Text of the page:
Convex bone deformity after closed reduction of nasal bone fracture

Hiroshi Nishioka, Shoji Kondoh, Shunsuke Yuzuriha

Research output: Contribution to journalArticlepeer-review

6 Citations (Scopus)

Abstract

Background Nasal fracture is the most common type of facial fracture treated by plastic surgeons. Here, we clarify the postoperative deformities that frequently remain after closed reduction of fresh nasal bone fracture by three-dimensional computed tomography (3D-CT). Methods Hundred consecutive cases of fresh nasal bone fracture in patients treated between May 2010 and January 2016 were examined. After closed reduction, the overall appearance of the arch formed by the nasal bone and maxillary process was evaluated as ‘Excellent’, ‘Good’ or ‘Fair’. Patients were also asked about their overall satisfaction with the operation, and the responses were classified as 'satisfied’, ‘Neutral’ or ‘Dissatisfied’. Results Eighty-six patients underwent 3D-CT examination both at the time of the initial consultation and 3 months after the operation. The results were ‘Excellent’ in 69 patients and ‘Good’ in 17 patients, with none of the patients having only ‘Fair’ results. Convex bone deformities on one side were seen in all six bilateral type fractures evaluated as ‘Good’. All patients classified as ‘Excellent’ reported being 'satisfied’ with the results, but some patients classified as ‘Good’ gave a ‘Neutral’ evaluation regarding their satisfaction. Conclusions The residual deformities seen in bilateral type fractures were most notable, and they were all convex bone deformities on one side. Plastic surgeons should use ultrasonography or other reliable new methods in addition to visual inspection during the operation to successfully treat the region of the convex fracture.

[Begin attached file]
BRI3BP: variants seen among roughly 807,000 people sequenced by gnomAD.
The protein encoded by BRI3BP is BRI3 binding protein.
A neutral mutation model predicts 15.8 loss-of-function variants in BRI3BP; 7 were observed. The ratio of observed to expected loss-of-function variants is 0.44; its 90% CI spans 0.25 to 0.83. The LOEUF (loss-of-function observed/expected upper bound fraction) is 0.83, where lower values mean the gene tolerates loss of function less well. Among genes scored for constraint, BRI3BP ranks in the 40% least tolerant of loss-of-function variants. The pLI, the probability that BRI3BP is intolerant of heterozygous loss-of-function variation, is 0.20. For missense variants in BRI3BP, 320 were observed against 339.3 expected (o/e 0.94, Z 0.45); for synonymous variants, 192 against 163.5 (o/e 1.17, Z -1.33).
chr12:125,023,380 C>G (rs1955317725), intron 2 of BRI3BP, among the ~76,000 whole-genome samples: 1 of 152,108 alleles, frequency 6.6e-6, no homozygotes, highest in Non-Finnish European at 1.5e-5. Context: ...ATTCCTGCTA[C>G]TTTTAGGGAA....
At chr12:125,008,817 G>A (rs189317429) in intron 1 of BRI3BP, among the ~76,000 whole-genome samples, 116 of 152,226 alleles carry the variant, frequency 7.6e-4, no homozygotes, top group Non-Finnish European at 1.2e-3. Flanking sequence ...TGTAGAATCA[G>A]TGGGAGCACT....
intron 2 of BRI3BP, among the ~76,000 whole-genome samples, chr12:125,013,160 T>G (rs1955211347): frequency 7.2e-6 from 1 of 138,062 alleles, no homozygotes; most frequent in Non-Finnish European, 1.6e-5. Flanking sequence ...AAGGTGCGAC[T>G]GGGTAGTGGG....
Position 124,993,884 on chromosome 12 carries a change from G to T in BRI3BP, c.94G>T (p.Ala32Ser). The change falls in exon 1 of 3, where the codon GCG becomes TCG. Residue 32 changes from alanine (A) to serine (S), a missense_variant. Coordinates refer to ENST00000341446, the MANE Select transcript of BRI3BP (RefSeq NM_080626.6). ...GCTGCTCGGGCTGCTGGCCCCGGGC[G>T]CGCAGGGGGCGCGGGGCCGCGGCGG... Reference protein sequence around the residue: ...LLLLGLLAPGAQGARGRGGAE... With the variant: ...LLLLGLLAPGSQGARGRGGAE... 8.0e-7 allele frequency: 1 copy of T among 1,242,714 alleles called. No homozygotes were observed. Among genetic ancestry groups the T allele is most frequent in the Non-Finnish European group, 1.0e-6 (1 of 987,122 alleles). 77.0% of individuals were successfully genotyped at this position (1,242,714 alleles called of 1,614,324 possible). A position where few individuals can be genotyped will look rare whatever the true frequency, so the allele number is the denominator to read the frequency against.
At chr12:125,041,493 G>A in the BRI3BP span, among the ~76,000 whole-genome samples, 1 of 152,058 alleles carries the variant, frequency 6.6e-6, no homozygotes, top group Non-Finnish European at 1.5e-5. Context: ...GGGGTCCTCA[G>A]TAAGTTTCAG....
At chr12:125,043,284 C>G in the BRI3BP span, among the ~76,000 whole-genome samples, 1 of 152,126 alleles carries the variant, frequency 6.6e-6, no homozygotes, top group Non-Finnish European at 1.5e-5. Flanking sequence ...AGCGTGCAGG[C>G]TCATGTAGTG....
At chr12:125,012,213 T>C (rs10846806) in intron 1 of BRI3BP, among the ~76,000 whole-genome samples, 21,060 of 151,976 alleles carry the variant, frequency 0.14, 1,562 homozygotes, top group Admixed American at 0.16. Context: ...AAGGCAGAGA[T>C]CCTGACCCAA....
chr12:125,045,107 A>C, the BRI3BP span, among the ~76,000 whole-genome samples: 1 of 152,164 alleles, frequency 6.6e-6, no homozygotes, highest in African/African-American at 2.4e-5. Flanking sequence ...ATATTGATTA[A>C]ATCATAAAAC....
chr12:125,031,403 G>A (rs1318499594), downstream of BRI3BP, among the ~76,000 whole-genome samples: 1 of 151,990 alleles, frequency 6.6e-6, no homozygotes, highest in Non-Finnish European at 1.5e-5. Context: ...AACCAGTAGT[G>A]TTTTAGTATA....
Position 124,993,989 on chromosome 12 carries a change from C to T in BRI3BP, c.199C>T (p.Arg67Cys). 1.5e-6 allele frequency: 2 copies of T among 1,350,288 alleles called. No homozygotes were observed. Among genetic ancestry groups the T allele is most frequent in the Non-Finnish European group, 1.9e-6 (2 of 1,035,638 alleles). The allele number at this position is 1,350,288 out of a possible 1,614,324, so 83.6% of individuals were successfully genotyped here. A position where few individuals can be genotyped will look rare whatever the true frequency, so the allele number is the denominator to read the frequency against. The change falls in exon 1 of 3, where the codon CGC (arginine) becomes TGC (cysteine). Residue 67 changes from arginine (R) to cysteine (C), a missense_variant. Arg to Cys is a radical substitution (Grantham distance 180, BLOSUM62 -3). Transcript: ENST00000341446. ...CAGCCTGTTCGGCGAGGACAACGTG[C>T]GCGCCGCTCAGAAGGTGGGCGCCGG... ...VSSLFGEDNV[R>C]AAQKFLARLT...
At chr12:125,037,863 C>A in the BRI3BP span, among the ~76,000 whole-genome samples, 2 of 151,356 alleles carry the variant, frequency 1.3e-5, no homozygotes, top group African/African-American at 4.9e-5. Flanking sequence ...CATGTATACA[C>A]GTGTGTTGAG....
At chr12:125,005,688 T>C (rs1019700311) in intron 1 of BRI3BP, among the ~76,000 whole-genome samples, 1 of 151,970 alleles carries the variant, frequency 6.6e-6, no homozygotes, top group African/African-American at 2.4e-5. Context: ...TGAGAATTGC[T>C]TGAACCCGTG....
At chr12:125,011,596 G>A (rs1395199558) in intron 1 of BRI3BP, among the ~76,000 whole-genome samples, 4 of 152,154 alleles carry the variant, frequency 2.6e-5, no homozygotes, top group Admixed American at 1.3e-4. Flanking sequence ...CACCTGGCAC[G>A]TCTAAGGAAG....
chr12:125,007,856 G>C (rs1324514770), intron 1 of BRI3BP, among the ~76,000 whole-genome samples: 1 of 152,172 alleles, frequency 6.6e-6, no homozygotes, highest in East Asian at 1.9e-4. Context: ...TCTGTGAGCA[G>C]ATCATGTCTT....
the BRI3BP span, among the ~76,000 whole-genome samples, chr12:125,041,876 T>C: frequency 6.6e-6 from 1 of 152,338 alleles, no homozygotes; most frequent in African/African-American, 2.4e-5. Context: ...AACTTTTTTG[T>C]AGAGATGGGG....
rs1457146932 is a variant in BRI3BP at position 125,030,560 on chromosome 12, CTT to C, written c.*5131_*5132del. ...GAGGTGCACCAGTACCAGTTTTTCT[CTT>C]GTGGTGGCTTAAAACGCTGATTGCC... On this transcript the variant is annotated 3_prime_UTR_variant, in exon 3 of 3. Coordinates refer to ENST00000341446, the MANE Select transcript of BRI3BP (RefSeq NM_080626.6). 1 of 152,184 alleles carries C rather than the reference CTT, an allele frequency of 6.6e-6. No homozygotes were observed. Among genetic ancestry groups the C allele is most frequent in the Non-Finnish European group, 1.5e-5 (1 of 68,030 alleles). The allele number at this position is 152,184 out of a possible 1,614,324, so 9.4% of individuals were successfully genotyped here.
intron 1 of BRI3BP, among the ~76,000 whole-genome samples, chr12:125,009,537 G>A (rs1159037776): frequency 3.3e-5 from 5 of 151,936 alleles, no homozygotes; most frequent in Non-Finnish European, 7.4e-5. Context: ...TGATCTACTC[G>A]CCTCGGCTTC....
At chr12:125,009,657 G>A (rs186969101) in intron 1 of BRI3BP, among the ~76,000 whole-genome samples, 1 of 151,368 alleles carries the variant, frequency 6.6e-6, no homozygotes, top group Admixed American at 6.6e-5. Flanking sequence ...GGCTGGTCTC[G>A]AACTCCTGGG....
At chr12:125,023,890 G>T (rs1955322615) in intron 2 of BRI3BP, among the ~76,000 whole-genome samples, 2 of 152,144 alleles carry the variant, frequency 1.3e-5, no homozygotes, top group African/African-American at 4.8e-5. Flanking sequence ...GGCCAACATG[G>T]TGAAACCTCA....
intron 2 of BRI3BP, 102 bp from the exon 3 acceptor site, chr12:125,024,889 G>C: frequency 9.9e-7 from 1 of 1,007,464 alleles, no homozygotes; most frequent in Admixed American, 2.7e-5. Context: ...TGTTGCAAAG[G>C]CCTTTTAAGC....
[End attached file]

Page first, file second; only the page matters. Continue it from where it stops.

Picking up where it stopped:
Original languageEnglish
Pages (from-to)85-89
Number of pages5
JournalJournal of Plastic, Reconstructive and Aesthetic Surgery
Volume71
Issue number1
DOIs
Publication statusPublished - 01-2018
Externally publishedYes

All Science Journal Classification (ASJC) codes

  • Surgery

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